Tuesday, May 27, 2014
by Regina Cline
Upcoming proposed Environmental Protection Agency regulations that would curb carbon dioxide emissions from existing power plants and might allow facilities to go beyond the fence line to make emissions reductions was the top Energy and Climate Report story for the week ending May 23. Other top stories covered EPA emission data on methane, how the agency's carbon rule could effect electricity markets, the division the proposed rule is having on the utility industry, and how companies are feeling the costs of climate change.
1. Obama Considering Power Plant Rule That Would Test Reach of Clean Air Act
According to this story, the Obama administration is considering rules to cut carbon dioxide emissions from power plants that would reach beyond the plants themselves—an unusual approach that could run afoul of pollution control laws.
People familiar with the discussions say the administration is seeking steep reductions, as much as 25 percent, and allowing plants to meet them by controlling sources other than smokestacks—by expanding use of renewable energy, improving the efficiency of the grid or encouraging customers to use less power.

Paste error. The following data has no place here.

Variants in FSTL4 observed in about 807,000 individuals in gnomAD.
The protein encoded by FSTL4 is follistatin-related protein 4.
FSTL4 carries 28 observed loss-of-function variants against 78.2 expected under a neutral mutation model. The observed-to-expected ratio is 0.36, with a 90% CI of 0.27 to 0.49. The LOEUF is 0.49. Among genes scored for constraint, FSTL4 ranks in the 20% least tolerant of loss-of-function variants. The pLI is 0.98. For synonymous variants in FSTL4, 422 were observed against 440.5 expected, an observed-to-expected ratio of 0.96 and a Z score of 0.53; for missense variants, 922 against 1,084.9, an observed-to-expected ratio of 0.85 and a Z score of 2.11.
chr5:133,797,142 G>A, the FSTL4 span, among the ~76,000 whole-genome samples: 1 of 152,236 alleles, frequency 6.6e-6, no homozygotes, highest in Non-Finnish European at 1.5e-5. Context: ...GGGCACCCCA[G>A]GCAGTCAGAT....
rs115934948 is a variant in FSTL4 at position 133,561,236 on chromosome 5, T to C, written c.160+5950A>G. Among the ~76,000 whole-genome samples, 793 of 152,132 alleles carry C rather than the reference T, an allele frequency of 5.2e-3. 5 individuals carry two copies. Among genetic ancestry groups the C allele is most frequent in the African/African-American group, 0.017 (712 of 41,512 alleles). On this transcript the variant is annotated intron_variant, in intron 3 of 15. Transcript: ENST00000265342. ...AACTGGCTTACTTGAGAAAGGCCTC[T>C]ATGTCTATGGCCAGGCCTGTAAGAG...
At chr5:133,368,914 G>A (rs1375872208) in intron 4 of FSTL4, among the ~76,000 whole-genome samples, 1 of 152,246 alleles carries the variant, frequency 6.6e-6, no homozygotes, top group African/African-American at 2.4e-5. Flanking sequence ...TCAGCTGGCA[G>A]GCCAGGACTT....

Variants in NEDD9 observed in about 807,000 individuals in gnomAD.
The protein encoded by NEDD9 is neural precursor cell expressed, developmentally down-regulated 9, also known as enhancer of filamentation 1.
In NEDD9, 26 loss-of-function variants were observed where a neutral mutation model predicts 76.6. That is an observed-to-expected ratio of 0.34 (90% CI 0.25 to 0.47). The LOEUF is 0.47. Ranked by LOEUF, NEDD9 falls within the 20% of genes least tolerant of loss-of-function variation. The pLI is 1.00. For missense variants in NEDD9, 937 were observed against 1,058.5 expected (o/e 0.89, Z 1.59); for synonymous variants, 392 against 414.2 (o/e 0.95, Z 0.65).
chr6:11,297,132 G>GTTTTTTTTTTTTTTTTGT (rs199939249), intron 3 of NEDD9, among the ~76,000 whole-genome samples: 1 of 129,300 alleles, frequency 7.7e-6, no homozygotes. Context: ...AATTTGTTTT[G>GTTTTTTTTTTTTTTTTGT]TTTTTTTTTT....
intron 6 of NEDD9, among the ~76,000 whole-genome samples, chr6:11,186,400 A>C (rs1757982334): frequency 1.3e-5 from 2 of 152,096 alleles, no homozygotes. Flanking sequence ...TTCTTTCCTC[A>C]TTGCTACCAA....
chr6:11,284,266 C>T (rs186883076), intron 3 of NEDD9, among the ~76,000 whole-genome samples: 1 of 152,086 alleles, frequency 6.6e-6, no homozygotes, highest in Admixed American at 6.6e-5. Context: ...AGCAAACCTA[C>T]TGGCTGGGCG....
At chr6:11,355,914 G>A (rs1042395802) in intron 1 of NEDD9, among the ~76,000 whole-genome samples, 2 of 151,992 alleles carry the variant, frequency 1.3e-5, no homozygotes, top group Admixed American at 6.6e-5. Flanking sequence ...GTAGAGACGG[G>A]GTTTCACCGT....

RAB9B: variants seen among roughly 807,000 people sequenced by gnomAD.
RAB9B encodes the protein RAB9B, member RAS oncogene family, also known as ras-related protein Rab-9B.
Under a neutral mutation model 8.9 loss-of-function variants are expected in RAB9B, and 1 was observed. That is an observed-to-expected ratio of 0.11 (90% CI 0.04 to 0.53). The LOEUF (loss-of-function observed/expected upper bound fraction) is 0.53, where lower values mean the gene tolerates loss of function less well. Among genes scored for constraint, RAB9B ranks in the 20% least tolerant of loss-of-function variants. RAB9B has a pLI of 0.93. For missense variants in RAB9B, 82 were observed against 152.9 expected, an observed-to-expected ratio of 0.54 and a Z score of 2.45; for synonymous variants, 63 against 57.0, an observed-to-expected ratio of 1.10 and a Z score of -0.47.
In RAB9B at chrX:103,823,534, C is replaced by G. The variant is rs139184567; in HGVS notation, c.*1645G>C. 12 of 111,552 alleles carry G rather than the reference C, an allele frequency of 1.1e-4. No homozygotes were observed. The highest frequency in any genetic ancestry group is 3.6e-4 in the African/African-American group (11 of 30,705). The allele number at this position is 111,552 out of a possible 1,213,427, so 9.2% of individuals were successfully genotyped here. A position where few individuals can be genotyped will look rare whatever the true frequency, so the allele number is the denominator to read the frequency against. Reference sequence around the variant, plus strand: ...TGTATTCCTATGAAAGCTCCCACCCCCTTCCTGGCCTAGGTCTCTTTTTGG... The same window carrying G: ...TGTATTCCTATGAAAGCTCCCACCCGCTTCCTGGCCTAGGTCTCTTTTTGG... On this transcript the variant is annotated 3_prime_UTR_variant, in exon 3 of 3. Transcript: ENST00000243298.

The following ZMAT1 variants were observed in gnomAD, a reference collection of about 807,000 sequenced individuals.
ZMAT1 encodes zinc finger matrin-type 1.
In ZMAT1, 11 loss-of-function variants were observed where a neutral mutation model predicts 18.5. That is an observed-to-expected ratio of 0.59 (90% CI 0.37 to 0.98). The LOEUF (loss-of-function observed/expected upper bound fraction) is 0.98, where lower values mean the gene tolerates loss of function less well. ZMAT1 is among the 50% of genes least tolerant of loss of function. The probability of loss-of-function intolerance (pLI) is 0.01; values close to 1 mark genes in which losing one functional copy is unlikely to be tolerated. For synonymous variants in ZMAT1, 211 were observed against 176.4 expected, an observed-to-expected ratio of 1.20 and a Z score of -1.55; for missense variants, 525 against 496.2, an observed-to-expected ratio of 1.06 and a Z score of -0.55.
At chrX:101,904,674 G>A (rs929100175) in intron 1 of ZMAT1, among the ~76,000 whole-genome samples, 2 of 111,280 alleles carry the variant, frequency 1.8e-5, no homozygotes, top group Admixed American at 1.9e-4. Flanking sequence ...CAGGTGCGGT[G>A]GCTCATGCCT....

There is disagreement even within the administration about what's allowable under the Clean Air Act. Some administration attorneys are warning that the government could lose a legal challenge if it seeks to regulate beyond a plant's smokestack, the individuals close to the discussions, who spoke on the condition of anonymity, told Bloomberg.
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2. EPA Official Says Better Understanding Needed of Recent Methane Emissions Data
The EPA needs a better understanding of “top-down” data on methane emissions from the oil and natural gas industry before the agency can determine whether it needs to alter its estimates of national methane emissions, according to remarks by an agency official covered in this story.
Paul Gunning, director of the Climate Change Division in the EPA's Office of Air and Radiation, said the agency faces a “significant challenge” in assessing how external studies measuring methane emissions can be used to inform the agency's greenhouse gas inventory estimates.